I Need a GPS for Drawing Faces

Sage_drawingfaces
In Janvier Rollande’s drawing, Sage (detail; pencil drawing, 2006, 17 1/4 x 12 3/4), the area from the child’s eyebrows to the base of her nose is the smallest of the three “segments” of the face. Remember this when drawing faces!

Drawing faces is a little like reading a map. And no, not the cool Indiana Jones map where the red line draws itself to the destination and “X” marks the spot. I wish!

When learning how to draw people, there are a few “signposts” on the face and rules of thumb about facial feature measurements that can steer you in the right direction.

These guidelines ensure you don’t get lost when drawing faces, as I often have. Here are a few I learned from artist and writer, Dan Gheno, that I wanted to share with you.

Rule of 3

The Greeks came up with a simple way to start a drawing of a face, which is to divide the face into three parts: from the hairline to the eyebrows, from the eyebrow to the base of the nose, and from the base of the nose to the tip of the chin.

When drawing faces, you will see that not everyone will have the same measurements of these three parts. But if you start by mapping your drawing with these regions in mind, you don’t have to feel overwhelmed by all the visual information you are trying to capture.

From there, ask yourself which of these segments is the biggest or the smallest. This way you can begin to add more specificity in your drawing.

Divine Distances

Drawing faces: In Andrea by Dan Gheno (colored pencil drawing, 2007, 16 x 18) the model's eyes are slightly closer set over the nose, not parallel with the edges of it.
In Andrea by Dan Gheno (colored pencil drawing, 2007, 16 x 18) the model’s eyes are slightly closer set over the nose, not parallel with the edges of it.

Okay, they aren’t really divine, but there are a few measurements on the face that have made the light bulb flick on for me when I’ve been struggling with a face drawing and can’t figure out what is wrong. One is that the horizontal span between the outside of the eye and the front of the ear is usually similar in length to the vertical distance between the outside of the eye and the outside corner of the mouth.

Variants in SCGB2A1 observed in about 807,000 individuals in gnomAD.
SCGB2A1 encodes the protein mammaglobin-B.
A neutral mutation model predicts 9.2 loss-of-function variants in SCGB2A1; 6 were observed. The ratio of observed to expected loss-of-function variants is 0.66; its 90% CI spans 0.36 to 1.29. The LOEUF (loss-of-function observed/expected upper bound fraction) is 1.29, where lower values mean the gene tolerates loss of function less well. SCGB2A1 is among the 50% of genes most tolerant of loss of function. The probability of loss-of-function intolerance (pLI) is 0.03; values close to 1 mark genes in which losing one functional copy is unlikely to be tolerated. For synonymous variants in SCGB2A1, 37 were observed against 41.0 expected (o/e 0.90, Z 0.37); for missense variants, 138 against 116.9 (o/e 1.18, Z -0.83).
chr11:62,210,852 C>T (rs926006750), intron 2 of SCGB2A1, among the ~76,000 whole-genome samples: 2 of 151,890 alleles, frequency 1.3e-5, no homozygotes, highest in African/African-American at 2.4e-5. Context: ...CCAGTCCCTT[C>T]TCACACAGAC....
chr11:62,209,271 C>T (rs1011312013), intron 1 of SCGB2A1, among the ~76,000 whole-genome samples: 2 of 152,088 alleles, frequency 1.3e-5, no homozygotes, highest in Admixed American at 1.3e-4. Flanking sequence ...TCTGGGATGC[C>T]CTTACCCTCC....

Leonardo showed us that when drawing faces the overall width of the eye is pretty close to that of the nose, and the edges of the nose line up with the insides of the eye.

The tip of the ear is usually in line with that of the eyebrow; the base of the ear usually coincides with the base of the nose.

Maps Can Only Take You So Far

When drawing faces, notice how the top of the ear and the model's eyebrow are roughly in line.
Notice how the top of the ear and the model’s eyebrow are roughly in line.

These measurements are more about making visual connections within the landscape of the face than being an actual map to a person’s appearance. I have to remind myself not to get too caught up in finding them at the cost of spending time observing what is in front of me. But I can vouch that these measurements are definitely worth knowing. They’ve helped me get over many obstacles when drawing faces and individual facial features.

It is insightful instruction like this that really makes the difference when you are trying to start drawing faces and have so much information to take in. Creating a sound drawing or having the technical savvy to match the drawing ideas I have swimming around in my head is what I’m constantly striving to do.

Drawing Lessons with Alain Picard puts an artistic fountain of wisdom at your fingertips when it comes to helpful drawing methods and insightful instruction across genre—Alain covers portraiture, landscapes, floral still lifes and more. I have my download pack open on my computer when I am in studio mode, and I don’t think it will be closing anytime soon—it is sort of like the drawing GPS I was looking for. Enjoy!

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Courtney Jordan

About Courtney Jordan

  Courtney is the editor of Artist Daily. For her, art is one of life’s essentials and a career mainstay. She’s pursued academic studies of the Old Masters of Spain and Italy as well as museum curatorial experience, writing and reporting on arts and culture as a magazine staffer, and acquiring and editing architecture and cultural history books. She hopes to recommit herself to more studio time, too, working in mixed media.   

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